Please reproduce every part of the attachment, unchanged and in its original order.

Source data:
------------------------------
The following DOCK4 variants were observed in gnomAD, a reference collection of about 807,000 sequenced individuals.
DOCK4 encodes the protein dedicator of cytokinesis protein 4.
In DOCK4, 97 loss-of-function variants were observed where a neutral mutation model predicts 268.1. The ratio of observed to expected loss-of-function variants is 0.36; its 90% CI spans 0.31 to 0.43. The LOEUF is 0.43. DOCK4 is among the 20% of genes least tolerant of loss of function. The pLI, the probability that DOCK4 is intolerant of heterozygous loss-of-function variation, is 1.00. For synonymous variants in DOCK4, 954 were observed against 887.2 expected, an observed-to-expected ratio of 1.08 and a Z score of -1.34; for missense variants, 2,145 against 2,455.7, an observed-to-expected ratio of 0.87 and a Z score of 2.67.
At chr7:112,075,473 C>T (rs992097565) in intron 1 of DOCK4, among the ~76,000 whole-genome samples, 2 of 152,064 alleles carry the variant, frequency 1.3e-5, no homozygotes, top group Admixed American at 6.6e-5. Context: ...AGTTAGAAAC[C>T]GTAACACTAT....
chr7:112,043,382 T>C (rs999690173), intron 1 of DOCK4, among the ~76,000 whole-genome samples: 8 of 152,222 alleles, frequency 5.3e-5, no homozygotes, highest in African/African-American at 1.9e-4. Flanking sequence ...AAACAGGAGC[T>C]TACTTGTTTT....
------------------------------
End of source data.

The following DOCK4 variants were observed in gnomAD, a reference collection of about 807,000 sequenced individuals.
DOCK4 encodes the protein dedicator of cytokinesis protein 4.
In DOCK4, 97 loss-of-function variants were observed where a neutral mutation model predicts 268.1. The ratio of observed to expected loss-of-function variants is 0.36; its 90% CI spans 0.31 to 0.43. The LOEUF is 0.43. DOCK4 is among the 20% of genes least tolerant of loss of function. The pLI, the probability that DOCK4 is intolerant of heterozygous loss-of-function variation, is 1.00. For synonymous variants in DOCK4, 954 were observed against 887.2 expected, an observed-to-expected ratio of 1.08 and a Z score of -1.34; for missense variants, 2,145 against 2,455.7, an observed-to-expected ratio of 0.87 and a Z score of 2.67.
At chr7:112,075,473 C>T (rs992097565) in intron 1 of DOCK4, among the ~76,000 whole-genome samples, 2 of 152,064 alleles carry the variant, frequency 1.3e-5, no homozygotes, top group Admixed American at 6.6e-5. Context: ...AGTTAGAAAC[C>T]GTAACACTAT....
chr7:112,043,382 T>C (rs999690173), intron 1 of DOCK4, among the ~76,000 whole-genome samples: 8 of 152,222 alleles, frequency 5.3e-5, no homozygotes, highest in African/African-American at 1.9e-4. Flanking sequence ...AAACAGGAGC[T>C]TACTTGTTTT....